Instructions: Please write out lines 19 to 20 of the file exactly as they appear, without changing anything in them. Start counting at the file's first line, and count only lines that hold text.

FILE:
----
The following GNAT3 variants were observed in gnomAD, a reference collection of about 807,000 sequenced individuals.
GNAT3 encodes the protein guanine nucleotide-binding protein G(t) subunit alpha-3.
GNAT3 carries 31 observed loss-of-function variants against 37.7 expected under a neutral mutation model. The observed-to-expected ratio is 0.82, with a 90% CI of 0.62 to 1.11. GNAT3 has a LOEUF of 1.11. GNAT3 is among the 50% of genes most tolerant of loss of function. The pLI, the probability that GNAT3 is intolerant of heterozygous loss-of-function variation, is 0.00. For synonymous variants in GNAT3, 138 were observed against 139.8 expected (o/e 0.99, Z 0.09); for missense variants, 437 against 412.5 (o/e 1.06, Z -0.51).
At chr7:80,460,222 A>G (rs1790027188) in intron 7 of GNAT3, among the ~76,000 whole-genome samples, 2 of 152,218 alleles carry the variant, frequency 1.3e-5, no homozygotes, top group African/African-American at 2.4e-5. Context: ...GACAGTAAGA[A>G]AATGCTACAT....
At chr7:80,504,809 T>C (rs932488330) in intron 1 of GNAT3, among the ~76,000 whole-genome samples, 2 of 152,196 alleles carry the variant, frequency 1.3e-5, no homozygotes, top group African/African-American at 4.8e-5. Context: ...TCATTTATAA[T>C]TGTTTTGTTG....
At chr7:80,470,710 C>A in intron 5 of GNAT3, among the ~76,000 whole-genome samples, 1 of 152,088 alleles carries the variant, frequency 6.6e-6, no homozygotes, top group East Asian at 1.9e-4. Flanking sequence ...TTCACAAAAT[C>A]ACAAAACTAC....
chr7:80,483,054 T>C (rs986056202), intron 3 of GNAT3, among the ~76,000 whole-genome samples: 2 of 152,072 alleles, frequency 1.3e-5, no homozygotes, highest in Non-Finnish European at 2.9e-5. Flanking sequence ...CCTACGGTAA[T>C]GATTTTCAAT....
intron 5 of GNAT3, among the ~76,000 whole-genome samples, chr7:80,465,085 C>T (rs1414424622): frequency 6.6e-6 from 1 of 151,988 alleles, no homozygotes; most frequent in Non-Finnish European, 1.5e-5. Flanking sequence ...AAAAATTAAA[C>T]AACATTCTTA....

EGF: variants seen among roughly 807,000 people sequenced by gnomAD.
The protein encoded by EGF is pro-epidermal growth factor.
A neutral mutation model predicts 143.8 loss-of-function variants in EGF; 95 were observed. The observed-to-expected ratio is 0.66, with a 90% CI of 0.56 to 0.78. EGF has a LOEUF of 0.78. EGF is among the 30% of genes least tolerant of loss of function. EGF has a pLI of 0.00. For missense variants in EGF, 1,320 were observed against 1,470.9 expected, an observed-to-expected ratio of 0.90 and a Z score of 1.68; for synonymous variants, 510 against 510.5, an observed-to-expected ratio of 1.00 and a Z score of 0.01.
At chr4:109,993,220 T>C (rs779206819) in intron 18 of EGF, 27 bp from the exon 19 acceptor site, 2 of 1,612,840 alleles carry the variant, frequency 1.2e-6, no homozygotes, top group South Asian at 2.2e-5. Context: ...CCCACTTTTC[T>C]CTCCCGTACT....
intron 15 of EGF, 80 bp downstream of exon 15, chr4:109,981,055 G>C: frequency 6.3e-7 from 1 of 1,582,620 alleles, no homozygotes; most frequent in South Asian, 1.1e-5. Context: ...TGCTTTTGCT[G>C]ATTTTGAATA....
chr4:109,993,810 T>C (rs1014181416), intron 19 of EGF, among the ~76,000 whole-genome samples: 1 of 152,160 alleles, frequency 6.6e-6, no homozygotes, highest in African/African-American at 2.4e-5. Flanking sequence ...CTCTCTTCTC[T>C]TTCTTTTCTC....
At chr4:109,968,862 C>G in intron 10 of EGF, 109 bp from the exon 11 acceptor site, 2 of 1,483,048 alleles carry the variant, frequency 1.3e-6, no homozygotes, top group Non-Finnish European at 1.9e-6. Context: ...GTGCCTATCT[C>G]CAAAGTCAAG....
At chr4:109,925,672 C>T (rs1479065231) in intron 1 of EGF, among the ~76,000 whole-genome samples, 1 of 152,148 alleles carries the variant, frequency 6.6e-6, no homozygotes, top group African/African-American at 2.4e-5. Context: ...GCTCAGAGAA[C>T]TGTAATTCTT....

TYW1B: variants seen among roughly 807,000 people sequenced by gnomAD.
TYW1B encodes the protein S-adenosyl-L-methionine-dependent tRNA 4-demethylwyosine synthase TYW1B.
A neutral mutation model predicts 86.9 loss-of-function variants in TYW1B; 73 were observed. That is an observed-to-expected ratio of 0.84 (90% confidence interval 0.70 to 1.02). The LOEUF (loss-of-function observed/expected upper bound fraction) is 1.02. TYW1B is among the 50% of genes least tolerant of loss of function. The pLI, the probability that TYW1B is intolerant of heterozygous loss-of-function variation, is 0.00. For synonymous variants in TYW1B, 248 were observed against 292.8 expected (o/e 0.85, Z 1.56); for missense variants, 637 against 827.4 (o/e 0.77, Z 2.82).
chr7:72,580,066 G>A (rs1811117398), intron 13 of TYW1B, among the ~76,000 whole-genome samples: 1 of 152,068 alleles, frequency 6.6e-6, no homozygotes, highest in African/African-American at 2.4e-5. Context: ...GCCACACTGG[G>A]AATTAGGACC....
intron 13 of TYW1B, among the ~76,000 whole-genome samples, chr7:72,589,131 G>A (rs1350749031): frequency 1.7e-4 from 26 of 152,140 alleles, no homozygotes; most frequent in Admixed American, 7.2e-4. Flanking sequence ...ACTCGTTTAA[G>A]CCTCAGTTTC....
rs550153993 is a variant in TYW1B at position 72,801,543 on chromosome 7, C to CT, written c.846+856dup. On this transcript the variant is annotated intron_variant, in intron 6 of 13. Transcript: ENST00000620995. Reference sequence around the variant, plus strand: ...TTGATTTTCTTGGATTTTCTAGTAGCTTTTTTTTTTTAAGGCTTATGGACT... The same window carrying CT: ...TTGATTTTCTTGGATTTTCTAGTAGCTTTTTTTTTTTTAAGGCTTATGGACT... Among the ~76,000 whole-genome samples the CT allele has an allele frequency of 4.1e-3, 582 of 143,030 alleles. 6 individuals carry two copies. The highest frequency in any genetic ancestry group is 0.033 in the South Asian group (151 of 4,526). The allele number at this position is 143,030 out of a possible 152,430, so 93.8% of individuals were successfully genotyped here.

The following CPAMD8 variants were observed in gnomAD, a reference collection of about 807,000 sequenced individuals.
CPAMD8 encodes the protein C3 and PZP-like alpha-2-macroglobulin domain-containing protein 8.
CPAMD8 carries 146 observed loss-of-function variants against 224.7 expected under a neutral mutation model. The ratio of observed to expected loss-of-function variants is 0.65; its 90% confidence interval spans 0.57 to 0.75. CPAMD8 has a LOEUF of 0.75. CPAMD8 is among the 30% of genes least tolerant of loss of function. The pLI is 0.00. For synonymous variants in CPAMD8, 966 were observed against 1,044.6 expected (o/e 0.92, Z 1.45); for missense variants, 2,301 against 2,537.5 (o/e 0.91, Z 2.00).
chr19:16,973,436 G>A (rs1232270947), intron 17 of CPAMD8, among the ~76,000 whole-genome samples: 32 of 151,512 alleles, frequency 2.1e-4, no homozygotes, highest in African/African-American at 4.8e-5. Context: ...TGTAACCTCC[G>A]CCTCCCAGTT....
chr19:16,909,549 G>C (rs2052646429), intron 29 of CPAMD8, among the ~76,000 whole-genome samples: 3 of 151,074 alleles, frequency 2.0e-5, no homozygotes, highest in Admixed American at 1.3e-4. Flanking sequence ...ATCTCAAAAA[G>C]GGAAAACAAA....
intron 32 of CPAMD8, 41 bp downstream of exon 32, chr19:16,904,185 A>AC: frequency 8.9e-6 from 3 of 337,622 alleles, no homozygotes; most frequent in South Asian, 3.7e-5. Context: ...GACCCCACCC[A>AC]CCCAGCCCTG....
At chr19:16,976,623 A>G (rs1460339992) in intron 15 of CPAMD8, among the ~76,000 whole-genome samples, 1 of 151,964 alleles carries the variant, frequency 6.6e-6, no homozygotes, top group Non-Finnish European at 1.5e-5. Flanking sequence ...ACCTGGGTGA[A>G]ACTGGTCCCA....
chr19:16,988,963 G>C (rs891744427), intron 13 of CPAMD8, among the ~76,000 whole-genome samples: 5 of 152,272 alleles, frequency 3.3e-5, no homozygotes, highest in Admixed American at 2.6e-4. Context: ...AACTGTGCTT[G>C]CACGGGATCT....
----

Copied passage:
A neutral mutation model predicts 86.9 loss-of-function variants in TYW1B; 73 were observed. That is an observed-to-expected ratio of 0.84 (90% confidence interval 0.70 to 1.02). The LOEUF (loss-of-function observed/expected upper bound fraction) is 1.02. TYW1B is among the 50% of genes least tolerant of loss of function. The pLI, the probability that TYW1B is intolerant of heterozygous loss-of-function variation, is 0.00. For synonymous variants in TYW1B, 248 were observed against 292.8 expected (o/e 0.85, Z 1.56); for missense variants, 637 against 827.4 (o/e 0.77, Z 2.82).
chr7:72,580,066 G>A (rs1811117398), intron 13 of TYW1B, among the ~76,000 whole-genome samples: 1 of 152,068 alleles, frequency 6.6e-6, no homozygotes, highest in African/African-American at 2.4e-5. Context: ...GCCACACTGG[G>A]AATTAGGACC....